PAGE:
Outlines: Primary Tissues Xylem Tissue Arrangement and Differentiation Stele Evolutionary Development Leaf Evolutionary Development
Differentiation Developmental process by which a relatively unspecialised cell undergoes a progressive change to a more specialised cell I.e. the specialisation of cells and tissues for particular functions during development Depends on control of gene expression but determined ultimately by the cells final position –Cells capable of communicating positional information from one cell to another
Embryo Differentiation: Much variation in the patterns of development observed particularly within the vasculature
Xylem Arrangement: With respect to the pattern or direction of differentiation of primary xylem from the PROCAMBIUM, 4 relationships are known. However, their recognition depends on a distinction between two kinds of PRIMARY XYLEM, 1.PROTOXYLEM 2.METAXYLEM.
the first-formed primary xylem, its elements usually smaller in diameter, differentiates before elongation of the organ has ceased, and lignified in annular or spiral fashion. Protoxylem:
differentiates after the PROTOXYLEM, its elements are larger in diameter, they mature only after elongation of the organ has ceased, and their secondary wall pattern is usually reticulate or pitted. Metaxylem:
However, there are transitions between protoxylem and metaxylem The four patterns of primary xylem differentiation from the procambium are: –EXARCH –MESARCH –ENDARCH –CENTRARCH Xylem Differentiation:
(Greek – pillar ) The central cylinder, inside the cortex, of roots and stems of vascular plants. The term stele sums up the vascular system, associated tissues and the enclosed pith. General types of stele that evolved over time: Protostele: –Haplostele –Actinostele –Plectostele Siphonostele –Dictyotele –Eustele –Atactostele STELES
Protostele: Haplostele Protosteles are the simplest and are often considered the most primitive type of stele. It is essentially a solid core of xylem surrounded by a cylinder of phloem, a protostele contains no pith Found in most roots and in extinct groups of seedless vascular plants If xylem area is circular in crossection it is called a Haplostele (See fig).
Protostele: Actinostele A protostele with radiating arms. The central xylem instead of being round becomes a radiated star shaped arm with the protoxylem being found in the arms and the metaxylem being found central.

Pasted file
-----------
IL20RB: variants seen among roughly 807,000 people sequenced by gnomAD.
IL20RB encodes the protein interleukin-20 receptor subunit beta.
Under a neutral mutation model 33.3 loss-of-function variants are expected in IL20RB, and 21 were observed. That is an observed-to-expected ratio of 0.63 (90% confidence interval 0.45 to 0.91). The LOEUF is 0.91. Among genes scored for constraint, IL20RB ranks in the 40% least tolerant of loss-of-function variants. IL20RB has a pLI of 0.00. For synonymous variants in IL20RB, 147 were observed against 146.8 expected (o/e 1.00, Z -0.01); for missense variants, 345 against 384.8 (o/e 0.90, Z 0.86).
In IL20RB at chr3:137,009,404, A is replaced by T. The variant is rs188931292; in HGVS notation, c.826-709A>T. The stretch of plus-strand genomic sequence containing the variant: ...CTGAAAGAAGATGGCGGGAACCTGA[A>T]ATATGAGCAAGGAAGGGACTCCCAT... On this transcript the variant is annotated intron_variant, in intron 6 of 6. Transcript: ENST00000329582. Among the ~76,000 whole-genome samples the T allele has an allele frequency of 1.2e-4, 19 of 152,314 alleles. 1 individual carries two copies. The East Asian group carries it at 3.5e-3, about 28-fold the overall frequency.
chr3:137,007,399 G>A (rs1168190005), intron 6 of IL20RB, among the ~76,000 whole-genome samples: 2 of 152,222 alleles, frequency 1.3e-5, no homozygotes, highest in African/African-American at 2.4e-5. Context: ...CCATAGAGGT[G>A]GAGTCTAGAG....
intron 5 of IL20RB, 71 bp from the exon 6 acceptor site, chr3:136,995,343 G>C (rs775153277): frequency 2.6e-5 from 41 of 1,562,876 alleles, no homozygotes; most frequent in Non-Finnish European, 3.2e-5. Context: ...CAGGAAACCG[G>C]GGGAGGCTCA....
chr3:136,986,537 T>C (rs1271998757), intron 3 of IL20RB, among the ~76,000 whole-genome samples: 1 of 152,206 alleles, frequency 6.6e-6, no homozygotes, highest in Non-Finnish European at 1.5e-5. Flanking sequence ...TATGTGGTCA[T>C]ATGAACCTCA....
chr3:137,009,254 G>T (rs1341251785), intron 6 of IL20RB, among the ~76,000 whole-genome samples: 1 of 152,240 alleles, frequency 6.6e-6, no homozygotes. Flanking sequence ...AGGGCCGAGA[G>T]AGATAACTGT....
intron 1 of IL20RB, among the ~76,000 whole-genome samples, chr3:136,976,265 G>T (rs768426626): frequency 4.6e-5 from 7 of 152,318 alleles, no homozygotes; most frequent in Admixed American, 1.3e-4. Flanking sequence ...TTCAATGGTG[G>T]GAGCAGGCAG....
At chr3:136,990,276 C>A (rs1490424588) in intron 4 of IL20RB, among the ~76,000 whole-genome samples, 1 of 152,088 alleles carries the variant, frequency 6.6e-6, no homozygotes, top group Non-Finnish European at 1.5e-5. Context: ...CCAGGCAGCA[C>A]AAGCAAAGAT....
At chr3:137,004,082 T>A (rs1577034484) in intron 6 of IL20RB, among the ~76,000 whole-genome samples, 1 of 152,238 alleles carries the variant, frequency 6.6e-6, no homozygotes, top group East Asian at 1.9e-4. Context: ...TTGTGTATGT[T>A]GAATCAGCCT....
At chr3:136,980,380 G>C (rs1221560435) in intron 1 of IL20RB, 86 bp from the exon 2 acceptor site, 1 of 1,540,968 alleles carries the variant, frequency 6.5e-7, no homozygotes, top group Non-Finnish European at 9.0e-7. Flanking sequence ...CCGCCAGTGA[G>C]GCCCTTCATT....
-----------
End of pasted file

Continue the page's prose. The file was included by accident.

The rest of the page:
Protostele: Plectostele Is a protostele in which phloem is interspersed in masses between the xylem. That is, the radiating arms develop more into a plate like structure. The xylem although interrupted at a given level, forms a continuous system (see fig.).
The Siphonostele Two main kinds of Siphonotele: –Ectophloic –Amphiphloic
The Siphonostele: Ectophloic The siphonostele is widely distributed, occurring in ferns and in certain gymnosperms and flowering plants. In the siphonostele the xylem and the phloem forms a cylinder around a central pith with no gaps. The phloem may be both external and internal as it is in many ferns In ectophloic siphonosteles the phloem is restricted to the outer surface of the xylem.
In this case it is said to be amphiphloic siphonostele, and is sometimes called a solenostele. Siphonostele: Amphiphloic
Siphonostele: Dictyostele In a solenostelic stem with short internodes, overlapping of the nodal leaf gaps results in a dissection of the stele (See fig). That is, there are one or two leaf gaps in the xylem and phloem created by leaf traces. In crossection the stele appears as discrete strands or bundles.
Siphonostele: Eustele Where the xylem and phloem occur in discrete collateral (situated side by side) or bicollateral strands or bundles; the arrangement is called a Eustele
A. Protostele(haplostele) B. Protostele (actinostele) C. Protostele (plectostele) D. Siphonostele (ectophloic) E. Siphonostele (amphiphloic) F. Dictyostele H. Atactostele G. Eustele Derivation of steles from the primitive protostele
Leaf development: Leaf Trace: –A vascular bundle branch that extends from a stem bundle to the base of a leaf, where it connects with the vascular system of the leaf, is called a leaf trace Leaf Gap: –the gap in the ground tissue left behind is called a leaf gap –Occur in more advanced siphonostelic or eustelic stems
There are two types of leaves depending on the type of leaf trace: –Microphyll: A leaf arising out of a leaf trace without any gaps. –Megaphyll: A leaf arising out of a leaf trace which has a leaf gap. In the microphyll the stele of the stem is protostellic with no gaps between the leaf traces. In the megaphyll the leaf trace can leave a gap which is filled by parenchymatous tissue. Usually siphonostellic. Leaf Types:
Leaf Development (Microphyll): Microphylls: relatively small leaves with a single vascular strand, usually associated with Protosteles Typical of the seedless vascular plant group – Lycophytes (club mosses) Evolutionary development: –Began as scale-like outgrowths with no vascular tissue (Enation) –Leaf trace then formed, initially at base –Eventually extended from the stele into the emergent enation microphyll –No leaf gaps formed with the stele
Leaf Development (Megaphyll/Macrophyll): Usually larger than microphylls Associated with the siphonosteles of Euphilophytes (which include Ferns and Seed Plants) Evolutionary development (Telome Theory): –Began with leafless dichotomously branching plants –Unequal branching then occurred with some becoming more dominant than others (overtopping) – pseudomonopodal growth –Subordinate / lateral branches leaf via planation & webbing –Associated with leaf gaps
Recap… Three 1 o tissues derived from 3 1 o cambia –Protoderm Epidermal Tissues –Ground Meristem Ground Tissues –Procambium Vascular Tissues Two main kinds of Stele: –Protostele (primitive) Siphonostele (more advanced) –Atactostele – most advanced Leaf development –Primative microphyll –Advanced megaphyll